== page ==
What’s the word on GERD?

Maybe you’ve heard of GERD. But do you really know what it is and how it affects the body?

Many people think that GERD is just another name for heartburn. But that’s not the case. While heartburn is one symptom of GERD, it isn’t the only one.

Let’s back up a bit. GERD is an abbreviation and common name for gastroesophageal reflux disease, a condition that occurs when the muscle at the end of the esophagus doesn’t close properly. Because of that, the contents of a person’s stomach (acid reflux) can leak backward into the esophagus, irritating it.

Think you might be experiencing the effects of GERD? Read on for a look at some basics about the condition, including how it’s treated.

A look at GERD: Symptoms

We mentioned above that heartburn is one symptom of gastroesophageal reflux disease. But the backup of acid reflux can also cause other symptoms.

A person with GERD may experience:

  • Chest pain or discomfort
  • Regurgitation of food or stomach acids
  • Difficulty swallowing
  • Feeling as if there’s a lump in your throat
  • Chronic cough or a hoarse throat
  • Episodes of aspiration penumonia
  • Disrupted sleep

Because these symptoms are also common for other conditions — including a heart attack in the case of chest pain — it’s important to seek medical attention to diagnose the underlying cause.

If you experience chest pain, seek medical care immediately. For other symptoms, if they linger for a couple weeks or longer, talk with your doctor.

A look at GERD: Risk factors

GERD occurs when the lower esophageal sphincter (LES) weakens or relaxes, causing acid reflux to back up into the esophagus. There are many reasons why this occurs, but one of the more common ones is a hiatal hernia.

Hiatal hernia occurs when the upper portion of the stomach moves into the chest through the diaphragm. People with a hiatal hernia are at a greater risk of stomach contents refluxing into the esophagus, especially after eating and when they lie flat at night.

There are many other factors that can increase the risk of GERD, including lifestyle and dietary choices. Foods such as chocolate, mint, coffee, carbonated drinks and alcohol, as well as those high in fat content or fried, can increase the risk of developing reflux.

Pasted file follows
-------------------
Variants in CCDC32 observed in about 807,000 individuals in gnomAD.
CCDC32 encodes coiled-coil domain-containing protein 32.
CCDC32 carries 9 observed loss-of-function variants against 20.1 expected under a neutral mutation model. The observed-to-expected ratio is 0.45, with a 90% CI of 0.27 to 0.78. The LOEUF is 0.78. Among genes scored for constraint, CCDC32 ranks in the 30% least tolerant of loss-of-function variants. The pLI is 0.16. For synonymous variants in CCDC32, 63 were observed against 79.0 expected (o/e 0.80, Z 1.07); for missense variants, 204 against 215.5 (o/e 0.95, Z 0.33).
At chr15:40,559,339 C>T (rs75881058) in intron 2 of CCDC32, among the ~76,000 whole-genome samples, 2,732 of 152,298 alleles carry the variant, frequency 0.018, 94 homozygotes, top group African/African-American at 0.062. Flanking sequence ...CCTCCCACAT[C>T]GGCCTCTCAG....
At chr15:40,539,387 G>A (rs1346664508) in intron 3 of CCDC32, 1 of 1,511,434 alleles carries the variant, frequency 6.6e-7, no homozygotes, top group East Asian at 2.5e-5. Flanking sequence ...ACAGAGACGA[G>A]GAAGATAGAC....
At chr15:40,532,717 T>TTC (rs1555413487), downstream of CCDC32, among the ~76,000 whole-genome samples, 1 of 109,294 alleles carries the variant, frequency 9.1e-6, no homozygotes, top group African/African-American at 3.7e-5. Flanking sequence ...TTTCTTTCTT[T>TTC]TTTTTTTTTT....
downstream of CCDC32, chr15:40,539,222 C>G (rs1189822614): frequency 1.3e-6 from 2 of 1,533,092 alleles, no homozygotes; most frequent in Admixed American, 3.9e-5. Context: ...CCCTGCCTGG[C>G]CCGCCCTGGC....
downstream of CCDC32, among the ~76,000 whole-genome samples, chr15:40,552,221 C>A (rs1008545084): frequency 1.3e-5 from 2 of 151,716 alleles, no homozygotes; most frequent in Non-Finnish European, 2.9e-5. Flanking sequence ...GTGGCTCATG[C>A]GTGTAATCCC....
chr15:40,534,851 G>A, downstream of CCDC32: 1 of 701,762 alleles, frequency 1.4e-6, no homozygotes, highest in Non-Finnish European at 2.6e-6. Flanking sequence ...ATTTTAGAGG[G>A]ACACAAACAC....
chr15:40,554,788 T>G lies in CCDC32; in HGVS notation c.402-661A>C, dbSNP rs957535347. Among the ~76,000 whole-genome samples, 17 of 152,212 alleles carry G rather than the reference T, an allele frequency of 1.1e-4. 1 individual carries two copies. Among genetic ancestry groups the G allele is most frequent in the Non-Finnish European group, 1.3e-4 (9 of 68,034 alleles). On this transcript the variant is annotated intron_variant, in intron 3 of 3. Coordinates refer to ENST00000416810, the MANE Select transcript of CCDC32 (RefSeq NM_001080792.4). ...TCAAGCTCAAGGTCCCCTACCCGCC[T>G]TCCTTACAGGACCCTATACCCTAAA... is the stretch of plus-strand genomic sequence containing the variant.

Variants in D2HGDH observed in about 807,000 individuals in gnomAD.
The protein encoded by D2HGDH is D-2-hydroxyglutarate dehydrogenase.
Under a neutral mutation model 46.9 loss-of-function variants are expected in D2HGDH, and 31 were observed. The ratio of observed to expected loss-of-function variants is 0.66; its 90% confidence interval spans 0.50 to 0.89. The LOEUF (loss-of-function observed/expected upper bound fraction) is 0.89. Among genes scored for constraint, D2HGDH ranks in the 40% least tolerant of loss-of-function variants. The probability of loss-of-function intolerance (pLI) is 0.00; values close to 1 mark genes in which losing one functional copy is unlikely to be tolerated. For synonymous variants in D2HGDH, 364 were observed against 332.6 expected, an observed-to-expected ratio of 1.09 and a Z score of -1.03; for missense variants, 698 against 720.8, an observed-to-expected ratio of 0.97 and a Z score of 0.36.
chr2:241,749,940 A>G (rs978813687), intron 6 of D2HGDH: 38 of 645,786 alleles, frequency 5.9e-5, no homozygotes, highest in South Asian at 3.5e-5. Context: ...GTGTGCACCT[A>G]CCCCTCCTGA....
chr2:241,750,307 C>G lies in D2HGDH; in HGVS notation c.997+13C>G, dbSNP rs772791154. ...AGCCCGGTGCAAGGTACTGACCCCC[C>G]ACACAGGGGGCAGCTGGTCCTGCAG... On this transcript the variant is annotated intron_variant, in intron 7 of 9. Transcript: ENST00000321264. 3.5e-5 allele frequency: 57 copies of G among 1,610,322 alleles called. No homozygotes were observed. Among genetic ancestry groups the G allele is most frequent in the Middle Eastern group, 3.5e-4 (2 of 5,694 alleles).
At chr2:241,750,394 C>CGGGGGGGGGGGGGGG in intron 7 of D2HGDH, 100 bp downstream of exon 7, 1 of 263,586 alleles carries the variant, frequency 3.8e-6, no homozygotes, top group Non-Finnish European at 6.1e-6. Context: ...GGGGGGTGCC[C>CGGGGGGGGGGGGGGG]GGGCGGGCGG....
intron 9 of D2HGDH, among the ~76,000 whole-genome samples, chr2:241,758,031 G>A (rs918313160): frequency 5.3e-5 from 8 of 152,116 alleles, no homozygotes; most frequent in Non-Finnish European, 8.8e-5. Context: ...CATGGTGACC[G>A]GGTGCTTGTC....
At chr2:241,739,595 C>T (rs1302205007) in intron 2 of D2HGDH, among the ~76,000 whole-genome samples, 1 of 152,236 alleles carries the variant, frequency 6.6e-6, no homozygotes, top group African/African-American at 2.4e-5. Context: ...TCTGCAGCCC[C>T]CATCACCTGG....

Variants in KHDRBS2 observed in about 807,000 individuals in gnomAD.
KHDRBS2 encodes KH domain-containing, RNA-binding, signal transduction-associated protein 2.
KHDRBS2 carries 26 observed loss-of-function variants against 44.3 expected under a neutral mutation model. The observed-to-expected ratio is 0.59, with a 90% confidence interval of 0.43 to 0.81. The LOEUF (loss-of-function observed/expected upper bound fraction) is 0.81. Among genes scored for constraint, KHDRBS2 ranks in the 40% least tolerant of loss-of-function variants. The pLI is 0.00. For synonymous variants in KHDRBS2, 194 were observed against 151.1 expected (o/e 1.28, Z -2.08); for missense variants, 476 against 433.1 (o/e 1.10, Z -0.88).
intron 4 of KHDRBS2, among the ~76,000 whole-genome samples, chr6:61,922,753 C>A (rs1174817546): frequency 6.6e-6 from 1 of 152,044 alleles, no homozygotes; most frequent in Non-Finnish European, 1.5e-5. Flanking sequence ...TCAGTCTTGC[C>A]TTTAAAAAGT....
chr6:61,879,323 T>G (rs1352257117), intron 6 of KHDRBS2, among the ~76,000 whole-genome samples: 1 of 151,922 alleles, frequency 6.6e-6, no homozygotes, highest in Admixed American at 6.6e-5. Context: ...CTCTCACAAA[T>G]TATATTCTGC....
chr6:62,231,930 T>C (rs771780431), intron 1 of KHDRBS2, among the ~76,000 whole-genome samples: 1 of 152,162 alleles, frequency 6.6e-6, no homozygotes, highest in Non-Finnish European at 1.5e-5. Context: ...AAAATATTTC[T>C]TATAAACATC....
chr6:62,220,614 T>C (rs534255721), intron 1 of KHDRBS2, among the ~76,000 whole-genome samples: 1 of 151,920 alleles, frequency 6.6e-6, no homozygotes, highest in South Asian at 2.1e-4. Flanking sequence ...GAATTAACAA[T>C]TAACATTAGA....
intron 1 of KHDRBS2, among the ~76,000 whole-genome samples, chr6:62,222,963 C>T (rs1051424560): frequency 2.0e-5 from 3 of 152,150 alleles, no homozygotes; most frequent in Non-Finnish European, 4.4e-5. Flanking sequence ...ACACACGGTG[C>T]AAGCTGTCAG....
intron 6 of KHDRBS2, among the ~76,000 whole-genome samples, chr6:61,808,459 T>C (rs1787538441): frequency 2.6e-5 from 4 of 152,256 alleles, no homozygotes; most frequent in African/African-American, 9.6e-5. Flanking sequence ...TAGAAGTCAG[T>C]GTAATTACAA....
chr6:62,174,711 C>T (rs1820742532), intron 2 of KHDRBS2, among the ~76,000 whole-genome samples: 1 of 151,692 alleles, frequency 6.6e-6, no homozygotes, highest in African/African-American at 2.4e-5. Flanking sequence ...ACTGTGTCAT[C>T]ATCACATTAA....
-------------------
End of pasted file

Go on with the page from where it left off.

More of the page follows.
Smoking is also a risk factor — smoking cigarettes has been shown to relax the LES, leading to reflux. Obesity and pregnancy are also risk factors.

A look at GERD: Diagnosis & treatment

GERD may seem like a minor condition or inconvenience, but if left untreated, it can have serious effects over time.

Untreated GERD can lead to esophagitis, an inflammation of the esophagus; esophageal stricture, where the esophagus narrows; respiratory problems; and Barrett’s esophagus, a serious condition that can develop into cancer.

If you’re experiencing symptoms of gastroesophageal reflux, your doctor will perform multiple tests to help make a diagnosis. This may include endoscopy and biopsy to allow the doctor a look inside the esophagus.

Treatment of the condition will vary greatly depending on the severity of your symptoms. For those with minor symptoms, lifestyle changes may make a world of difference.

Avoiding trigger foods like those identified above, not overeating and not eating within a few hours of bedtime are all dietary adjustments that may help. Losing weight, quitting smoking and using over-the-counter acid reflux medications for short term may also help provide relief.

GERD: When lifestyle changes aren’t enough…

In more serious cases, lifestyle changes may not be enough. Doctors may recommend prescription medications to help alleviate symptoms or reduce the amount of acid in your stomach.

Surgery is also an option for more serious cases of GERD or when the condition lingers. A procedure called fundoplication has long been the standard for surgical treatment.

During this procedure, a surgeon sews shut the top of the stomach around the esophagus. This adds pressure to the lower end of the esophagus and limits reflux.

But there’s a new gold standard for the surgical treatment of chronic GERD — transoral incisionless fundoplication, or TIF.

“We’ve long used fundoplication to treat serious cases of GERD,” says Arslan Kahloon, MD, gastroenterologist with Erlanger Health. “The TIF procedure, though, allows us to effectively treat patients in a more minimally invasive way, without incisions. This means they experience a faster recovery and fewer complications.”

During the TIF procedure, a doctor reduces hiatal hernia, if one is present; restores the angle at which the esophagus enters the stomach; and increases the pressure of the LES, which reduces reflex. All of this is done inside the stomach — without incisions.

Experiencing symptoms you think could be GERD? Talk with your doctor or book an appointment with Dr. Kahloon.